Shearing date a make or break for wool quality
Simply changing the shearing date has lifted Roseville Park Merino Stud’s performance by 10 per cent in wool production, body condition scores and increased lamb survival, while roughly doubling staple strength.
Roseville Park has been regularly involved in studies by the Dubbo-based Elders central-west NSW district wool manager and livestock production advisor Greg Sawyer, whose research in conjunction with the University of Queensland proved the impact of shearing dates on wool quality.
The results, published in a peer reviewed journal last week, showed that lambing caused a wool fibre fining by up to 2.3 microns. If that abrupt change in fibre diameter happened at the wrong time, the cost to wool producers could be significant.
“If your ewe isn’t producing a consistent fibre because she lambed halfway between shearings and the staple breaks in the centre, you’ve actually got two short fibres as far as buyers are concerned,” Mr Sawyer said.
“There’s currently up to an 80 cent a kilogram difference between wool that is tender and wool with a high staple strength.”
The key was to ensure that the fining occurred at either end of the fibre, which he said could be achieved by adjusting the shearing date for ewes.
“A month to six weeks prior to lambing is a really good time to shear if you’re only shearing once a year because the position of break moves from initially being at the base of the wool staple in the first two months to the top of the staple by the time the ewe is shorn again,” Mr Sawyer said.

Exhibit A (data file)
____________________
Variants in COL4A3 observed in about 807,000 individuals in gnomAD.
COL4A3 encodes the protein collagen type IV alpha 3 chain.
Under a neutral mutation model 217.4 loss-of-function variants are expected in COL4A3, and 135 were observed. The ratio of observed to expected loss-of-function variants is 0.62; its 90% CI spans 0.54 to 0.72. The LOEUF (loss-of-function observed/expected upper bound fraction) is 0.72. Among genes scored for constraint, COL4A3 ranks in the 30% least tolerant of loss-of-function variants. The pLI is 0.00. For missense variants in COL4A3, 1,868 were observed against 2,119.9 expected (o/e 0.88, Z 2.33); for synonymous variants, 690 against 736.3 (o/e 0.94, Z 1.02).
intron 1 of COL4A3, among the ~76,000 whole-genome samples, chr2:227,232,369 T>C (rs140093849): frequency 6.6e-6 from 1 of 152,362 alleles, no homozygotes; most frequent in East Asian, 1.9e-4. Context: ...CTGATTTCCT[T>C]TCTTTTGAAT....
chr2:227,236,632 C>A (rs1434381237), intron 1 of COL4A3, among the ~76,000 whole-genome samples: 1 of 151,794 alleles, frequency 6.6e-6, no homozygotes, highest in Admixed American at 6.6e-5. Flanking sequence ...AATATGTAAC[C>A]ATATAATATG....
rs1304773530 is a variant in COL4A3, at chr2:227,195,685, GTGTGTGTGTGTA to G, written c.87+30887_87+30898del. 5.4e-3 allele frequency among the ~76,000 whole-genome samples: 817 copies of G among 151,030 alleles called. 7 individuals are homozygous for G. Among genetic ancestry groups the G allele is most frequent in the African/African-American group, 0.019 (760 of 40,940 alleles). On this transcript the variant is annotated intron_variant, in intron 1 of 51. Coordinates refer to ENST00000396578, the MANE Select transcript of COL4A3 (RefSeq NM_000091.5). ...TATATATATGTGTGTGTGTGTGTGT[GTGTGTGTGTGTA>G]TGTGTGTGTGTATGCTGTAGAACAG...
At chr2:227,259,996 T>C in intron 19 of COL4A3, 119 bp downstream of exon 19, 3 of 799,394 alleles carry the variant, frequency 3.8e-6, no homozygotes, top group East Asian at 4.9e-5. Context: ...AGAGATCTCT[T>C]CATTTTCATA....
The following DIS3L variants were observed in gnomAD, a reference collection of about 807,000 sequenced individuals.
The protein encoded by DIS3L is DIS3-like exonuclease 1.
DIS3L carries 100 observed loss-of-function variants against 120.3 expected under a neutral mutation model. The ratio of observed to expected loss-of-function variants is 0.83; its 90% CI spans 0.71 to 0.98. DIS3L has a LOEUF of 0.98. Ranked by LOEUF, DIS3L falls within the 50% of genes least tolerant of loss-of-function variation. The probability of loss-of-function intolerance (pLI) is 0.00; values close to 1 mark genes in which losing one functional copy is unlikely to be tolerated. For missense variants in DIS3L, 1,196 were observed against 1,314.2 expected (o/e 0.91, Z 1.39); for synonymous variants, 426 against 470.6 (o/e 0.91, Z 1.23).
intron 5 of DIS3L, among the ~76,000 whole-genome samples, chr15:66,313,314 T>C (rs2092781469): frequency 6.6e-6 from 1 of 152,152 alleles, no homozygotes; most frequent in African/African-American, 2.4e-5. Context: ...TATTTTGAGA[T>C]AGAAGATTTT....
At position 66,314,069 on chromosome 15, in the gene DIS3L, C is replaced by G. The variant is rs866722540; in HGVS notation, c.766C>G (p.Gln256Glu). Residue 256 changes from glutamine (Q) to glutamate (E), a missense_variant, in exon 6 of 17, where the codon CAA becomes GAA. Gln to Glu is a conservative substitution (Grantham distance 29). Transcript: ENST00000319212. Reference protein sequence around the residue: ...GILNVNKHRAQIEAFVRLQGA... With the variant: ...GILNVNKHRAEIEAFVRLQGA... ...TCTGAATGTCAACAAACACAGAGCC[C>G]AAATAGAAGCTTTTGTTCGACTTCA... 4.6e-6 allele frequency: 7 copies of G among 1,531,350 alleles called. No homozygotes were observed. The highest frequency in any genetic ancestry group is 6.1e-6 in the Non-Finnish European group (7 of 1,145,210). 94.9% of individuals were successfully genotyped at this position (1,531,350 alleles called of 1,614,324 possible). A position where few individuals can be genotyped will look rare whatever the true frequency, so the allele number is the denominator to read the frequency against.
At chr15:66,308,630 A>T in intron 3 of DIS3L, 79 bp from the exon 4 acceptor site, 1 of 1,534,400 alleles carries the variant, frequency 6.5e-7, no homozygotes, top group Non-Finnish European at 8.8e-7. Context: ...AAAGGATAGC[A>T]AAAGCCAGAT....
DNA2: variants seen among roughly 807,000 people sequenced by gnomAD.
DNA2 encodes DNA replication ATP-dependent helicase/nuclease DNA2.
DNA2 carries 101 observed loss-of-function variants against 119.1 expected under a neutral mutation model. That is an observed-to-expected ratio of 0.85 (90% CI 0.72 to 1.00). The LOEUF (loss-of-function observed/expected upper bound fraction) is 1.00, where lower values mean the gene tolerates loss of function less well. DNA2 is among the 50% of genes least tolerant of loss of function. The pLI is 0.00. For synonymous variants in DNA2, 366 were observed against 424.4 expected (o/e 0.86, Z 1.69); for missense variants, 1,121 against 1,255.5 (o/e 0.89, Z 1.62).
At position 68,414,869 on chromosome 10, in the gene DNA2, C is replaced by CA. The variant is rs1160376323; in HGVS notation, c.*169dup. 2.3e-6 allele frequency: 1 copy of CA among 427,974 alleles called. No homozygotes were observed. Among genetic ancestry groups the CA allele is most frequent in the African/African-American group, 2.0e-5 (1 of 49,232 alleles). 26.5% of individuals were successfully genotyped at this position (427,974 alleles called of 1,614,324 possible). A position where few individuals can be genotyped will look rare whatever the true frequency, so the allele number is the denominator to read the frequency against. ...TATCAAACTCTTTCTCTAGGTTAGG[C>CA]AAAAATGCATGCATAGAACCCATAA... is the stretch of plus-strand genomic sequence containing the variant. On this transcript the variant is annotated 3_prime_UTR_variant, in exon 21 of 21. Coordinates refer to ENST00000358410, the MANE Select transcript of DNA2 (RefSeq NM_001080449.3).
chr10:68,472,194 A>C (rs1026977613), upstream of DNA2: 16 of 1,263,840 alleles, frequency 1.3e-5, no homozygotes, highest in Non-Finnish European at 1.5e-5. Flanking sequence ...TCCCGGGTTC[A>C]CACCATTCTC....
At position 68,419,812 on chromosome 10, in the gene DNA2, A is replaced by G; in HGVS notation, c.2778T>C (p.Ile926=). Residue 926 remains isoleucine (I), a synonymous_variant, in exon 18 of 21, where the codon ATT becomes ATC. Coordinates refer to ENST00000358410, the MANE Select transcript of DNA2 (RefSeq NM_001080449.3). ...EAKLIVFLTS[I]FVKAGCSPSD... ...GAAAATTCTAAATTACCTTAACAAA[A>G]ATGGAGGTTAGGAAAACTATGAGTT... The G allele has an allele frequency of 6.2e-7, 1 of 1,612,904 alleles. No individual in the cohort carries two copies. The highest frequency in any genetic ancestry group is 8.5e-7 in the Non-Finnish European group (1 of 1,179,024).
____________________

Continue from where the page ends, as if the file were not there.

In another research study co-authored by Mr Sawyer this year, twice-yearly shearing showed added wool-quality benefits and lamb survival rates, something Matthew and Cherie Coddington of Roseville Park Merino Stud have put into practice at their Dubbo property over the last five years.
“We collaborate with Greg and the University of Sydney, because of how much we learn from it and the gains their research brings to our business,” Mr Coddington said.
Roseville Park conducts performance recording on 1800 rams a year and the 8000-head stud has reaped massive gains since changing from shearing once a year to twice – two months before lambing and two months before joining.
Mr Coddington said the sheep averaged about 4.2 kilos of 17.9 micron wool each shearing.
“Pretty well everything’s improved by around 10 per cent,” Mr Coddington said. “We got a 10pc increase in fleece production through the year, 10pc increase in body weight and condition score, and 10pc more lambs weaned,” he said.
In addition, Roseville Park’s staple strength nearly doubled from 28 Newtons per kilotex to 52-58N/ktex, while the percentage of the clip that went into fleece wool rather than secondary lines rose from 75pc of the clip to 95pc.
While twice-a-year shearing eliminated the detrimental impact of lambing on wool quality, Mr Sawyer said lamb producers would likely also see benefits.
“A shorn ewe eats more and that nutrition flows onto her lamb, resulting in a higher ewes BCS and lamb body weight thus increasing greater chances of lamb survival,” he said.
“Getting the timing of your shearing right will have an influence not only just on your wool income, but also on your lamb production.”
Mr Sawyer said that even when twice-a-year shearing was impractical within individual farm businesses, the research outcomes made it worthwhile for producers to reconsider its timing.
Mr Sawyer is currently studying for his Ph.D. part time at the University of Sydney under the guidance of Professor Luciano Gonzalez and is researching new science methodology in to lifting lambing success which is funded by the MLA Donor Company and is supported by Elders.
Elders can help you maximise the return on your wool clip.